For Tucker Smallwood, a health issue did not keep the actor from his first Star Trek role.
Smallwood first appeared on Star Trek: Voyager as Admiral Bullock, and then was called back to play another alien, the Xindi-Primate Councilor on Star Trek: Enterprise.
The actor’s first appearance came after he developed Bell’s Palsy, a condition in which half of one’s face is temporarily paralyzed. “I woke up one morning, looked at myself in the mirror and thought I’d had a stroke,” he said. “I was stricken with Bell’s palsy. I didn’t know what it was at the time and I very quickly learned a lot more about it. Only half of my face worked.
“I told my agents, ‘You can’t send me out now. If they see me like this, I’ll never work again.’ So, for months I didn’t go out. Then I got a call from my agents saying, ‘Voyager called and would like to see you for this character. [Admiral Bullock on In The Flesh].’ I said, ‘Well, he’s an alien. I can do that. I sound OK. I only look like hell.’ The muscles in my face were very, very slowly starting to respond, but I did not have full control over the muscles. Then I discovered that, yes, he is an alien, but he’s an alien who looks like a human being. He’s disguised in a shape-shifting way as a human being. However, I got the role and when people saw the work they said, ‘You were so implacable. You were so stern.’ I said, ‘It was the only expression I had.’ But it was very affirming. People all over were kind to me throughout this experience. You tend to want to withdraw, especially if you make your life visually, so to speak. I didn’t know if I’d ever work again, and that was the start of my working again.”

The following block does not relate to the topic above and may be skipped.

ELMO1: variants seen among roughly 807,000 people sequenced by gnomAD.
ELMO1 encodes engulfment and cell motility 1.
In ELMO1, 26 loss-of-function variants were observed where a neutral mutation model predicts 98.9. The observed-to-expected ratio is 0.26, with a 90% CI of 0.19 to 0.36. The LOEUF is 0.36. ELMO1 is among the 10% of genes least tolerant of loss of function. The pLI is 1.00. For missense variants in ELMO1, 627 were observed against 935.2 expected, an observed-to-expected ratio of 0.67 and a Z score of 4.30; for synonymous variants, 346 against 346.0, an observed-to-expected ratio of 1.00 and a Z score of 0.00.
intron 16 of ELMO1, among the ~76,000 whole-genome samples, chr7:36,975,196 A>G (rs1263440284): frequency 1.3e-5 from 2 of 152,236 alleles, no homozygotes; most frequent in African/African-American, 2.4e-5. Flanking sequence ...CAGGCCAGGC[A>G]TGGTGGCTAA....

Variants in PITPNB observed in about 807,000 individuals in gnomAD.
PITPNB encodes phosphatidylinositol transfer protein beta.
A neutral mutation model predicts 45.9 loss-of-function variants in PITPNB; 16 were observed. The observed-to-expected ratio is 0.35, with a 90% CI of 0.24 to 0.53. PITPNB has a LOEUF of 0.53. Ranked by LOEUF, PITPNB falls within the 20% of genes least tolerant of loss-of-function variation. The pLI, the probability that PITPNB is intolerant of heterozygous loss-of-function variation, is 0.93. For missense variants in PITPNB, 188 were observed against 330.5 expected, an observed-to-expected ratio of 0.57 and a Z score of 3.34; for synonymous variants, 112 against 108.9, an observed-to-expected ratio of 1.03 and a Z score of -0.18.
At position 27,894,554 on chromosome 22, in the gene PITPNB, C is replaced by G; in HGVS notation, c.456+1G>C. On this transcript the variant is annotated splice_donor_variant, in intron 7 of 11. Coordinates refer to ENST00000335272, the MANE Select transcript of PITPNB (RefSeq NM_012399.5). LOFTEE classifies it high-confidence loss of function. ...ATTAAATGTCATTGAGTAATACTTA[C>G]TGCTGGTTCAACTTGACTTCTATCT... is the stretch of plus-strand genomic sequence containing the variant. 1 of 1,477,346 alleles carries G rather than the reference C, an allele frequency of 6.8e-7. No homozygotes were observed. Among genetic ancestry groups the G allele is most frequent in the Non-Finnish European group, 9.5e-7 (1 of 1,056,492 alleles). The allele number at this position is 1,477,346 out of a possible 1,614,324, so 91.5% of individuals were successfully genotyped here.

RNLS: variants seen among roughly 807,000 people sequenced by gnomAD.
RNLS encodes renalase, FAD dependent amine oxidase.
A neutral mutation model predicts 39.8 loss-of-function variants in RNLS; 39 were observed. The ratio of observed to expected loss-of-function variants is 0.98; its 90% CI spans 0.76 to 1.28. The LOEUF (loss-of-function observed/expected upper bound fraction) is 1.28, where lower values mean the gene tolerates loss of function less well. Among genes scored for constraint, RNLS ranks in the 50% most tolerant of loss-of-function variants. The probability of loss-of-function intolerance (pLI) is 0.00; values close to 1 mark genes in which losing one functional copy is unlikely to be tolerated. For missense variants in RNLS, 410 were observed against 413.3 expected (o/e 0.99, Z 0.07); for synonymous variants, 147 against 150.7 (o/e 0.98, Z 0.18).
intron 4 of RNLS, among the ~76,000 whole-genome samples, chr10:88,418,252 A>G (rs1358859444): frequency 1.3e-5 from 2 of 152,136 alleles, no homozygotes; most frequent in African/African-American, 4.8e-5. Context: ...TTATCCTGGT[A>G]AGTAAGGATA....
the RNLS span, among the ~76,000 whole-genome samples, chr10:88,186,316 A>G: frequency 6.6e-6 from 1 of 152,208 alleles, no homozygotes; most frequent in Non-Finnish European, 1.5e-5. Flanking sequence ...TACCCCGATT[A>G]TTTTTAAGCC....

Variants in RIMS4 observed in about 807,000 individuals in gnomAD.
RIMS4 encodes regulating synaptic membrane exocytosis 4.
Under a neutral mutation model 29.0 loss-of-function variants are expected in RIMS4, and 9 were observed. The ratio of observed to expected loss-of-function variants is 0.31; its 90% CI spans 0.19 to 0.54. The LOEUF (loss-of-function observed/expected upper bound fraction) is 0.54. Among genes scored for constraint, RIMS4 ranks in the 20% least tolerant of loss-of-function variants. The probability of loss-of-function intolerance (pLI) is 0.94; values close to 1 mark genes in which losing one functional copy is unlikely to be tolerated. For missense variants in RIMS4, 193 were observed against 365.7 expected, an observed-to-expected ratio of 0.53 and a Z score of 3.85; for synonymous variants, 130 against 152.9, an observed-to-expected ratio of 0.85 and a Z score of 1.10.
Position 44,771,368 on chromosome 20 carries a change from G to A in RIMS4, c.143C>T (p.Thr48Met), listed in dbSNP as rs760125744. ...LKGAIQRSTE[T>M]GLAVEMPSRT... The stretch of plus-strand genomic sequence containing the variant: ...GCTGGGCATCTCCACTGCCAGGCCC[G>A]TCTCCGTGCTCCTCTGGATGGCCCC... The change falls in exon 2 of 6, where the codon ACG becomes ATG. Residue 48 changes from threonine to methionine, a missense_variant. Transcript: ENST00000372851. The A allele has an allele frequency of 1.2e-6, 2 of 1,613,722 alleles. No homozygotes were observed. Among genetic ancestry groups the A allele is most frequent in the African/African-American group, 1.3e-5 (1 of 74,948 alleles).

His next role was that of the Xindi-Primate Councilor on Star Trek: Enterprise, where he appeared in nine episodes. Working with Scott Bakula was a pleasure for Smallwood. “Scott Bakula, I’d worked with him on three different projects,” he said. “He’s just a gem. He set the tone for that show, and it was a very inclusive experience. There was no star system there. Everyone was a peer. And that’s what the concept is in theater, which made sense, since Scott is a theater-trained actor. So it was a wonderful set, a wonderful crew and a wonderful cast.”
Smallwood took part in fleshing out the culture of the Xindi. “Generally in the Star Trek franchise, there is a bible for every species,” he said. “However, there was no bible for the Xindi. So, we wiled away our time on set creating our culture. We had some spirited discussions, in that we had six species in the Xindi, one of which is extinct, two of which are CGI, and it took a lot of imagination. But, as I said, we had a great group of guys, so it was an exciting, challenging experience. They original called us, Randy [Oglesby] and I, the humanoid Xindi. I said, ‘No, that’s a racial term. I’d never refer to myself by using another species to identify myself.” So I said, ‘We are the Primate-Xindi.’ So, as I say, our culture was evolving as we were filming.”
Still working, Smallwood, who is seventy-one, will be part of SCI Fest L.A: The Los Angeles Science Fiction One-Act Play Festival, where he is performing the role of Professor Grock in the play Human History, which runs through this Sunday.